23rd & 24th June: The Eve and Festival of Sant Joan is held on the Summer Solstice when the sun reaches its zenith. (Interestingly, for the Catalans, this is considered the beginning of Summer whereas in the UK, for example, it is known as Midsummer’s Eve.
Arguably, it is Catalonia’s and Andorra’s favourite festival. Starting at sunset on 23rd June, it lasts right through the night till the dawn of the 24th with open-air parties in the mountains or on the beach while rockets, and bonfires keep the night alive.
In ancient times the sun symbolised fertility and wealth; the stronger the sun the more fecund the crops and livestock and the more prosperous the people. A mass of bonfires was thought to boost the sun’s power. So, before Health and Safety came to douse the fun, fires were lit everywhere: in all the side streets and little squares. Lovers were even encouraged to hold hands and leap over the flames seven times to boost fertility!
The ‘Mother’ Flame of Canigó.
Mount Canigó, 2,784m high, is sacred to the Catalan peoples rather as Mt Fuji is to the Japanese. Situated, after border changes, just across the frontier in the French Pyrenees, it used to be part of North Catalonia. In 1955 a bonfire was lit on the peak of Canigó from which torches were brought down to light the bonfires for Sant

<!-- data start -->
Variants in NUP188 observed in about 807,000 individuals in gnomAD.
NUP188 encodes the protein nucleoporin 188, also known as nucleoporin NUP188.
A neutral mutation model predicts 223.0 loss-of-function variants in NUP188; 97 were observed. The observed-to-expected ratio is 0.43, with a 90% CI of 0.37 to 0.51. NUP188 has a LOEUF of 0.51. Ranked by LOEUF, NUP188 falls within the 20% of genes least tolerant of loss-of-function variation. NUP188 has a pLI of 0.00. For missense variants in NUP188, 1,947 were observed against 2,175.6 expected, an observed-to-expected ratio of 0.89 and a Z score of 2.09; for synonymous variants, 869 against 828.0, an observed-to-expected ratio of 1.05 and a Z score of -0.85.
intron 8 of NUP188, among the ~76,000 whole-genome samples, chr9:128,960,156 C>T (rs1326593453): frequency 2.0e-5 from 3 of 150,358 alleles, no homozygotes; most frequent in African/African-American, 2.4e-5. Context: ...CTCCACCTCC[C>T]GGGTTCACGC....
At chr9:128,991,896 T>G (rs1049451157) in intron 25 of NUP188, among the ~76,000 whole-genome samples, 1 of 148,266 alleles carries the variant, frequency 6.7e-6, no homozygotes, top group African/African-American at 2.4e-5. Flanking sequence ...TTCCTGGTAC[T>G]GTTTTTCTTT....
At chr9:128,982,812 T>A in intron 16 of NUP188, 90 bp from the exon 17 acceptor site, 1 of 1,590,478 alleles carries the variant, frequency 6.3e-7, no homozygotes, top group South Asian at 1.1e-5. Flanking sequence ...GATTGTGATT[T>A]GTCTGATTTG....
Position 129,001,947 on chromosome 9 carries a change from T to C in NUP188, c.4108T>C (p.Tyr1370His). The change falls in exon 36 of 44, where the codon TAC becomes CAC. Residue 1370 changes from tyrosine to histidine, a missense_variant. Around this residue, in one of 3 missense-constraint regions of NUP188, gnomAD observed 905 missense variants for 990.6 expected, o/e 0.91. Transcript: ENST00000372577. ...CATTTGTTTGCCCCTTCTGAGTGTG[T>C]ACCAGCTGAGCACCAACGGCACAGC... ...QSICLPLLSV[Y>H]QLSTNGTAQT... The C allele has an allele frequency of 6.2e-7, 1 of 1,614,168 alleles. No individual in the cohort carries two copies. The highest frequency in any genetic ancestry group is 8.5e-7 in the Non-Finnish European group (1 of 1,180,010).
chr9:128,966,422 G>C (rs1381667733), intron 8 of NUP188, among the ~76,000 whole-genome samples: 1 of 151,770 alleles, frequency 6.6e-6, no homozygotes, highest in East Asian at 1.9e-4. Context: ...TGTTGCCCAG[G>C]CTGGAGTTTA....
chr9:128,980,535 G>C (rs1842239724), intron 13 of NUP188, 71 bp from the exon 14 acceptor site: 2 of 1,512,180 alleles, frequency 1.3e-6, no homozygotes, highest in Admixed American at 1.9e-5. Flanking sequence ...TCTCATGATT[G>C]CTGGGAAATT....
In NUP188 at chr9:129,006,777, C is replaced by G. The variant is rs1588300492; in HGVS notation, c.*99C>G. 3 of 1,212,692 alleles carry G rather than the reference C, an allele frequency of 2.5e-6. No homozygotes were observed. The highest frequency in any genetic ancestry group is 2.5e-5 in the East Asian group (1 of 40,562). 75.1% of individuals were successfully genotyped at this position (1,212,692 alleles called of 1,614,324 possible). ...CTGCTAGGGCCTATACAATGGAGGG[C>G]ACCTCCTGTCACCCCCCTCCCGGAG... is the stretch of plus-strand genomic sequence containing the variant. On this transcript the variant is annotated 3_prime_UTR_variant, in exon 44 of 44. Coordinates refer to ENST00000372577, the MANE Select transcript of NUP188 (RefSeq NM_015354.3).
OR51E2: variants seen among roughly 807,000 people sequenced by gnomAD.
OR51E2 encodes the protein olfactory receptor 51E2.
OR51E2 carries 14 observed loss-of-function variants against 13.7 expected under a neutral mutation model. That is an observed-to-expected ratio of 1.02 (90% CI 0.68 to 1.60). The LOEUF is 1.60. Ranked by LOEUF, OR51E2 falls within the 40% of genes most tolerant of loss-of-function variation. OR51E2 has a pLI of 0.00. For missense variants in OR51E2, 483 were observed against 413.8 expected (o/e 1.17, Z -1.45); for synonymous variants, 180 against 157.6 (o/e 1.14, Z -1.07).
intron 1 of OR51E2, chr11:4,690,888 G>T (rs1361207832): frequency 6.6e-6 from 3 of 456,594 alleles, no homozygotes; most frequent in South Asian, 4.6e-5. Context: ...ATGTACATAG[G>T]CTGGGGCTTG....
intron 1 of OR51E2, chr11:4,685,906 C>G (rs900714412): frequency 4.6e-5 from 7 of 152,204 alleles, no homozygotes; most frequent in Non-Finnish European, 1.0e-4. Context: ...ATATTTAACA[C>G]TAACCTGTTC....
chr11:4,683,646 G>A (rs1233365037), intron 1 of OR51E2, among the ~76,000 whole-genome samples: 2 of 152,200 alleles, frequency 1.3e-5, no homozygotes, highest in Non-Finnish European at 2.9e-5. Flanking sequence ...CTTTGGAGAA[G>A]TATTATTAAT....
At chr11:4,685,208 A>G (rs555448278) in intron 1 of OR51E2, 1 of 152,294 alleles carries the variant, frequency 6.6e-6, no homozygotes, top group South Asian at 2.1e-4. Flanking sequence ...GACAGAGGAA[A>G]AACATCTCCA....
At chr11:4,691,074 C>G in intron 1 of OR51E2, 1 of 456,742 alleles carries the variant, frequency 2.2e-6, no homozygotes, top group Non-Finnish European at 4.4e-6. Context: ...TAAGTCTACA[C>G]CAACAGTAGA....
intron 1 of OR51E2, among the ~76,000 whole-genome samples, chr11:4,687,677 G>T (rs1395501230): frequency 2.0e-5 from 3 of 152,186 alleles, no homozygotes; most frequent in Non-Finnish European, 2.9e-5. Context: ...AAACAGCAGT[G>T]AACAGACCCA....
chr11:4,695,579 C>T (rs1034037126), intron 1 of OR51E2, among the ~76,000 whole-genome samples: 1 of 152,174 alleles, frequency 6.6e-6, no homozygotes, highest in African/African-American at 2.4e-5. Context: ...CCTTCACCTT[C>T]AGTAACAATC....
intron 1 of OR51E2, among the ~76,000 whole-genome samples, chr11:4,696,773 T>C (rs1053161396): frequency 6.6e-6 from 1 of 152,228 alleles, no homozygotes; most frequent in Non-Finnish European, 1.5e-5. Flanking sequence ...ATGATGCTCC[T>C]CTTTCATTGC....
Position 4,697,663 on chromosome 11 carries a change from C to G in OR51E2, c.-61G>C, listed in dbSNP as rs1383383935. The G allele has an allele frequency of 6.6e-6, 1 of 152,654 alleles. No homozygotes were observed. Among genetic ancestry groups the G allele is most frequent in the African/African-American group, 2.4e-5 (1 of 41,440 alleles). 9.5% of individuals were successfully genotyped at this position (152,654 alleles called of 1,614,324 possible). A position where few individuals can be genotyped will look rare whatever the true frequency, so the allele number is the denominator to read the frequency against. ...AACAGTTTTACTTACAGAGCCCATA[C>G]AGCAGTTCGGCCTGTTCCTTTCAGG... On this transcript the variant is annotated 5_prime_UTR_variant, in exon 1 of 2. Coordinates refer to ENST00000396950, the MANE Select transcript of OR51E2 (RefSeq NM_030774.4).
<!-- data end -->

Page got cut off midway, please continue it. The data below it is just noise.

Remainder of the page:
Joan. Ever since then the ‘mother’ flame has been kept alive in a kitchen near Perpignan. On the 22nd June, a new bonfire is lit on Canigó using this flame and young people come from all over Catalonia and Andorra on bikes, on skateboards etc to carry back the ‘daughter’ flames to light the village bonfires. It is reckoned that over 90% of Sant Joan bonfires, maybe 3,000 in all, are lit from the fire on Mt. Canigó.
Each parish in Andorra has their fallaires, or keepers and builders of the fire and each parish takes it in turn to host The Flame.
Another essential feature of Sant Joan is the falles or balls of fire. Said to originate with Charlemagne as a weapon of war, they were once made from the bark of white birch, dried over time and then set alight. Today, with the aim of protecting the trees, the falles are made from more environmentally friendly wads of thick white paper held together by chicken wire attached to the end of a long chain. Once darkness falls, the fallaires set them alight and spin these flaming ‘balls’ around their heads creating the impression of great wheels of fire coming down the mountains, purifying the air and driving out evil spirits.
Finally, as with most self-respecting Catalan festivals, Sant Joan has its own special pastry with a glazed, bread-like base often covered with beaten egg white, yogurt or ‘custard’ topped off with chopped, brightly coloured fruits.
An extract from the book Andorra Revealed.